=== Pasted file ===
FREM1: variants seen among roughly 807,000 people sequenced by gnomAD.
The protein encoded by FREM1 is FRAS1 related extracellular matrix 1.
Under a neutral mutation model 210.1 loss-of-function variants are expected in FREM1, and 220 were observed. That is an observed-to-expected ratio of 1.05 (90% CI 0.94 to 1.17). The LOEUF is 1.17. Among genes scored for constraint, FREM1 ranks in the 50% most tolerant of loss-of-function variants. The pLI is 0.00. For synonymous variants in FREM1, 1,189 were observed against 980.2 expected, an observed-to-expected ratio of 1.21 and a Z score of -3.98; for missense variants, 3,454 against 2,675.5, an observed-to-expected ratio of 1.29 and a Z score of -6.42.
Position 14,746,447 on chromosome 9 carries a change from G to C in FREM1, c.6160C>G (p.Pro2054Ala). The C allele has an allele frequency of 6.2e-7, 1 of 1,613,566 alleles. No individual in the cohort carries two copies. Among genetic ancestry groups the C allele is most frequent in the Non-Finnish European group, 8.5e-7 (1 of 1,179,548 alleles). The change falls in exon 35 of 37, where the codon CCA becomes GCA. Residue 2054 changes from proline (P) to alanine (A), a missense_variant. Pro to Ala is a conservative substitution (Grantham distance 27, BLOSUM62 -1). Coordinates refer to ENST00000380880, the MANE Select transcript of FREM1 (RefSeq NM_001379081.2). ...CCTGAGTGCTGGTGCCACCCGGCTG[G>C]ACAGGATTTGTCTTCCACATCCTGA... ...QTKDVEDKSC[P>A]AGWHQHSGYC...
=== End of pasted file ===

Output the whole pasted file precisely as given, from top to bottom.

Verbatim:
FREM1: variants seen among roughly 807,000 people sequenced by gnomAD.
The protein encoded by FREM1 is FRAS1 related extracellular matrix 1.
Under a neutral mutation model 210.1 loss-of-function variants are expected in FREM1, and 220 were observed. That is an observed-to-expected ratio of 1.05 (90% CI 0.94 to 1.17). The LOEUF is 1.17. Among genes scored for constraint, FREM1 ranks in the 50% most tolerant of loss-of-function variants. The pLI is 0.00. For synonymous variants in FREM1, 1,189 were observed against 980.2 expected, an observed-to-expected ratio of 1.21 and a Z score of -3.98; for missense variants, 3,454 against 2,675.5, an observed-to-expected ratio of 1.29 and a Z score of -6.42.
Position 14,746,447 on chromosome 9 carries a change from G to C in FREM1, c.6160C>G (p.Pro2054Ala). The C allele has an allele frequency of 6.2e-7, 1 of 1,613,566 alleles. No individual in the cohort carries two copies. Among genetic ancestry groups the C allele is most frequent in the Non-Finnish European group, 8.5e-7 (1 of 1,179,548 alleles). The change falls in exon 35 of 37, where the codon CCA becomes GCA. Residue 2054 changes from proline (P) to alanine (A), a missense_variant. Pro to Ala is a conservative substitution (Grantham distance 27, BLOSUM62 -1). Coordinates refer to ENST00000380880, the MANE Select transcript of FREM1 (RefSeq NM_001379081.2). ...CCTGAGTGCTGGTGCCACCCGGCTG[G>C]ACAGGATTTGTCTTCCACATCCTGA... ...QTKDVEDKSC[P>A]AGWHQHSGYC...